The website agrees that the fast of Esther was originally on 14-16th of Nisan and Haman was killed on the 17th of Nisan. The website also agrees to a Thursday crucifixion (14th Nisan) and Sunday (just after sundown Saturday) resurrection on the 17th of Nissan. It also agrees that the following events happened on the 17th of Nissan. 1) Noah’ s flood ended - Gen 8:4 (2) Israel crossed the Red Sea (3)The wave sheaf offering was made in the Mishkan and later the temple during firstfruits of barley harvest (4) Haman was hanged on gallows meant for Mordechai (5) Yeshua resurrected. The 17th of Nisan would be the Feast of Firstfruits, one of Yahweh's Set-Apart Times.

With this date we can see the first coming of Yeshua and what He had to accomplish. That being completed He sat down on the right hand in heaven.

Now, for the other date, please skip ahead to Genesis 8:13. Look at your civil calendar again. The first month, first day of the month, on the civil calendar would be Tishri 1. Hopefully, this date will be recognized by my readers. This is a High Holy Day. The Day of Trumpets,

Yom Teruah. This day is also known as the Day of the Awakening Blast, The Day and the Hour that No One Knows, The Day of the Last Trumpet. On this day, the final trumpet call was made as a call to repentance before the 10 days of Awe and the Day of Judgment, Yom Kippur.

Now, in Hebrew tradition, an according to these scriptures, they say that Noah was born on The Feast of Trumpets. We see that his age now changes from 600 to 601. This is the first mention of a change in his age.

In this scripture it is recorded that the waters had dried up from the earth, and Noah removed the covering of the ark, and the earth was dry. However, they couldn’t yet get off the ark because the ground was still muddy and mushy, perhaps? Point is that on YOM TERUAH the ground was dry. What a coincidence don’t you think? The ark rested on Aviv 17th, the day Yeshua came out of the tomb and the earth was dry on Yom Teruah. Coincidence? I don't think so!! If the first incidence corresponded to His first coming, perhaps the 2nd date corresponds to His second coming to complete His restorative works.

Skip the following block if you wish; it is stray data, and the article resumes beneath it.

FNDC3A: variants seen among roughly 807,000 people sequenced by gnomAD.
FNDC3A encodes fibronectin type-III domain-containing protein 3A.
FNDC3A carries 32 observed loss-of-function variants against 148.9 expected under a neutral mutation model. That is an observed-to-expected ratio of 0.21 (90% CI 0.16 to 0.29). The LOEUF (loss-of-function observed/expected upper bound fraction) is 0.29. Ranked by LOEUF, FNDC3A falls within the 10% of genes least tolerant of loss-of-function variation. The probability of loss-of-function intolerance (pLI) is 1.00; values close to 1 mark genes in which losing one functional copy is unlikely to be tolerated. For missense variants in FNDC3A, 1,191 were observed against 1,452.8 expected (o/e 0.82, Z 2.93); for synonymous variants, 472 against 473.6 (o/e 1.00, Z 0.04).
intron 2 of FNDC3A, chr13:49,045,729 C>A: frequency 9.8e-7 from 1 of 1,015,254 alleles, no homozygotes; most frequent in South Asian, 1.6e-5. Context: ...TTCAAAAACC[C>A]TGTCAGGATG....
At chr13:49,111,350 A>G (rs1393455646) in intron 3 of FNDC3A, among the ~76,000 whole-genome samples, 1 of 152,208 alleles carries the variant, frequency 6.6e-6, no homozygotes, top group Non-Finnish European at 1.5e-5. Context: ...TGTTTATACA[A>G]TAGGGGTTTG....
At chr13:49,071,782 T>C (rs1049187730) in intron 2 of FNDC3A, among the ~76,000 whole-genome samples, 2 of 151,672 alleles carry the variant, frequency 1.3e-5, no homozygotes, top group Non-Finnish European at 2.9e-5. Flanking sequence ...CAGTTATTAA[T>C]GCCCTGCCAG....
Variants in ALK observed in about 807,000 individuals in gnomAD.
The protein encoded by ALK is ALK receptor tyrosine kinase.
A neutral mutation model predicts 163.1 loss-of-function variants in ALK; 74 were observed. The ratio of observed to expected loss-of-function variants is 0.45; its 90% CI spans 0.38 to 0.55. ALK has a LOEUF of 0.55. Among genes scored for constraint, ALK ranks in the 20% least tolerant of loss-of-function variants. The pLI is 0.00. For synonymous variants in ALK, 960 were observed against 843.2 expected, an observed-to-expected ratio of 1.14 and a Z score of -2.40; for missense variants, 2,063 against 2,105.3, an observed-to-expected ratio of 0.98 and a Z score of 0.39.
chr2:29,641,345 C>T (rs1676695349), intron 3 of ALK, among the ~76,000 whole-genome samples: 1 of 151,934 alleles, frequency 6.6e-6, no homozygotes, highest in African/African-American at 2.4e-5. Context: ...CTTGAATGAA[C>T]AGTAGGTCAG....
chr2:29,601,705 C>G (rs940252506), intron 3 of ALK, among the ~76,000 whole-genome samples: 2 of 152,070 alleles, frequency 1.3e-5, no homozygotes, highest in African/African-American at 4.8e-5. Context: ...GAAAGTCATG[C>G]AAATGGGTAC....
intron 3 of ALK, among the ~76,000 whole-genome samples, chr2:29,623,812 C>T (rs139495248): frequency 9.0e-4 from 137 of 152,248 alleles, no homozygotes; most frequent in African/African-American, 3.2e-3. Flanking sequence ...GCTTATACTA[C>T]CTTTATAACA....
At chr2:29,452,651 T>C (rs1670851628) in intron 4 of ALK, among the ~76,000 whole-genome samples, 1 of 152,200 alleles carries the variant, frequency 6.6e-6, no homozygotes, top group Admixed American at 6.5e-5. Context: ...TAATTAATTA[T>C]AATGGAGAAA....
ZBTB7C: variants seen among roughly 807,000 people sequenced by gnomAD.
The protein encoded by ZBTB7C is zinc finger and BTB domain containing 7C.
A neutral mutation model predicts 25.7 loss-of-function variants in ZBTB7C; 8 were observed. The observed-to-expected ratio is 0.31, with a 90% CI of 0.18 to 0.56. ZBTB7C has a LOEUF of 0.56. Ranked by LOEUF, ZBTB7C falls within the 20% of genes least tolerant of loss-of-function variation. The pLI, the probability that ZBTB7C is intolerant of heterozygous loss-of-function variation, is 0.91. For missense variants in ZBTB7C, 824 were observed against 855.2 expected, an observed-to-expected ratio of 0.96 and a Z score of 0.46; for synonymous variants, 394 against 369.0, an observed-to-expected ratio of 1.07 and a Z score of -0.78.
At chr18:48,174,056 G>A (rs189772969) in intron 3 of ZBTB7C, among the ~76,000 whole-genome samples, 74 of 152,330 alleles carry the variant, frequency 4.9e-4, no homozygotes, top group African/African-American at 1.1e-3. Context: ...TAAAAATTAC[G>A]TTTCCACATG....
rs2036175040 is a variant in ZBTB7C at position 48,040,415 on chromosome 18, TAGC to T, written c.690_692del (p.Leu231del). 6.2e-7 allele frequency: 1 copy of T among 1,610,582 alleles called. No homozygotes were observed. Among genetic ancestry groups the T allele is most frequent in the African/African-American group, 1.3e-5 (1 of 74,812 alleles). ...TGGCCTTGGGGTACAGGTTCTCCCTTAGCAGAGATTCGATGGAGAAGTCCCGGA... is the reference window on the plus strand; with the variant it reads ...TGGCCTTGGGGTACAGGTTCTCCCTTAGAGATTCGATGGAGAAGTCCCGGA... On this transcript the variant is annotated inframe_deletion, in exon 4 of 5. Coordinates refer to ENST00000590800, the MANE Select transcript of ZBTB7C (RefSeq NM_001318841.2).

On Yom Teruah, the bride will go out to meet Him, and on Yom Kippur the wedding will take place. It is on Yom Kippur that His feet will actually touch the ground, but on Yom Teruah, the bride will go “up” to meet Him in the air.

Now I would like to share some historical facts about the month of Cheshvan:

It is sometimes referred to as Marchesvan, mar meaning bitter. The reason it is often called Marchesvan is because it is the only month in the Hebrew calendar that has no secular or modern holidays, fasts, no set aside times; and because it is the month that marks the start of the cool and

rainy season in Israel.

However, some Rabbi's believe that this month will lose its bitterness because they believe that it is this month that is also referred to as the month of Messiah. It is believed that in this month, the Messiah will be ruling in His kingdom and will start the re-building of the Millennial and final temple.

This is an interesting concept if you see what Noah did as soon as He came off the ark; he built an altar. This happened in the 2nd month on the 27th day of the month (Chesvan). See Genesis 8:14-20.

The coming off of the ark was a re-birth, a new beginning for all of mankind and the whole world, a type of salvation. It typified the work that would be done by the Messiah. When He returns He will bring salvation to the faithful, but wrath, fire and destruction to the wicked and the corrupt world. He will make all things new. In addition, in Hebrew the number eight represents new beginnings and today Cheshvan is the 8th month.



© 2016 by Leisa Baysinger.